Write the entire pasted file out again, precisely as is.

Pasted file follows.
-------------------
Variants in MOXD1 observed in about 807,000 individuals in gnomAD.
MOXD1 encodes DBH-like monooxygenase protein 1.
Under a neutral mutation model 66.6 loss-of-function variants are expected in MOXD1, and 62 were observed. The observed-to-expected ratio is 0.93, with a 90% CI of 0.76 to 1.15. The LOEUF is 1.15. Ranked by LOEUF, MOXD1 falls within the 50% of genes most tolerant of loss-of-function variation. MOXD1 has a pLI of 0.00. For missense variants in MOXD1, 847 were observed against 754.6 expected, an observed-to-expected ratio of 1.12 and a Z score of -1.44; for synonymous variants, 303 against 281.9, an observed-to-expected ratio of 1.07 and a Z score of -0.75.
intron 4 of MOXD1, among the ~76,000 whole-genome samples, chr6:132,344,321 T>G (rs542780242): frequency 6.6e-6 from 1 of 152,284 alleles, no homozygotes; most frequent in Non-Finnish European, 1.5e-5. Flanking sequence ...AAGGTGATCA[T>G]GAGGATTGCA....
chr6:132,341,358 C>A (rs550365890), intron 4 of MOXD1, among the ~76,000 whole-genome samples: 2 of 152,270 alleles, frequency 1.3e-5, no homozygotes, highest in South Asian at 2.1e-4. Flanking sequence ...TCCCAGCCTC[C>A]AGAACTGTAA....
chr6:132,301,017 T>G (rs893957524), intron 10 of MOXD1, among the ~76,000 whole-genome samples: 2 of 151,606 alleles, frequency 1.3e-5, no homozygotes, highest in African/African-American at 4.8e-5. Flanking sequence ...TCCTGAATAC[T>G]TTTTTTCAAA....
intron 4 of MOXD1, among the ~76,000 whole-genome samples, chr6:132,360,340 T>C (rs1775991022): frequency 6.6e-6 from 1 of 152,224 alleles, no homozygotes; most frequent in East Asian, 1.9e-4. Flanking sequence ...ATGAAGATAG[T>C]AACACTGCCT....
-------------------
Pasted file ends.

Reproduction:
Variants in MOXD1 observed in about 807,000 individuals in gnomAD.
MOXD1 encodes DBH-like monooxygenase protein 1.
Under a neutral mutation model 66.6 loss-of-function variants are expected in MOXD1, and 62 were observed. The observed-to-expected ratio is 0.93, with a 90% CI of 0.76 to 1.15. The LOEUF is 1.15. Ranked by LOEUF, MOXD1 falls within the 50% of genes most tolerant of loss-of-function variation. MOXD1 has a pLI of 0.00. For missense variants in MOXD1, 847 were observed against 754.6 expected, an observed-to-expected ratio of 1.12 and a Z score of -1.44; for synonymous variants, 303 against 281.9, an observed-to-expected ratio of 1.07 and a Z score of -0.75.
intron 4 of MOXD1, among the ~76,000 whole-genome samples, chr6:132,344,321 T>G (rs542780242): frequency 6.6e-6 from 1 of 152,284 alleles, no homozygotes; most frequent in Non-Finnish European, 1.5e-5. Flanking sequence ...AAGGTGATCA[T>G]GAGGATTGCA....
chr6:132,341,358 C>A (rs550365890), intron 4 of MOXD1, among the ~76,000 whole-genome samples: 2 of 152,270 alleles, frequency 1.3e-5, no homozygotes, highest in South Asian at 2.1e-4. Flanking sequence ...TCCCAGCCTC[C>A]AGAACTGTAA....
chr6:132,301,017 T>G (rs893957524), intron 10 of MOXD1, among the ~76,000 whole-genome samples: 2 of 151,606 alleles, frequency 1.3e-5, no homozygotes, highest in African/African-American at 4.8e-5. Flanking sequence ...TCCTGAATAC[T>G]TTTTTTCAAA....
intron 4 of MOXD1, among the ~76,000 whole-genome samples, chr6:132,360,340 T>C (rs1775991022): frequency 6.6e-6 from 1 of 152,224 alleles, no homozygotes; most frequent in East Asian, 1.9e-4. Flanking sequence ...ATGAAGATAG[T>C]AACACTGCCT....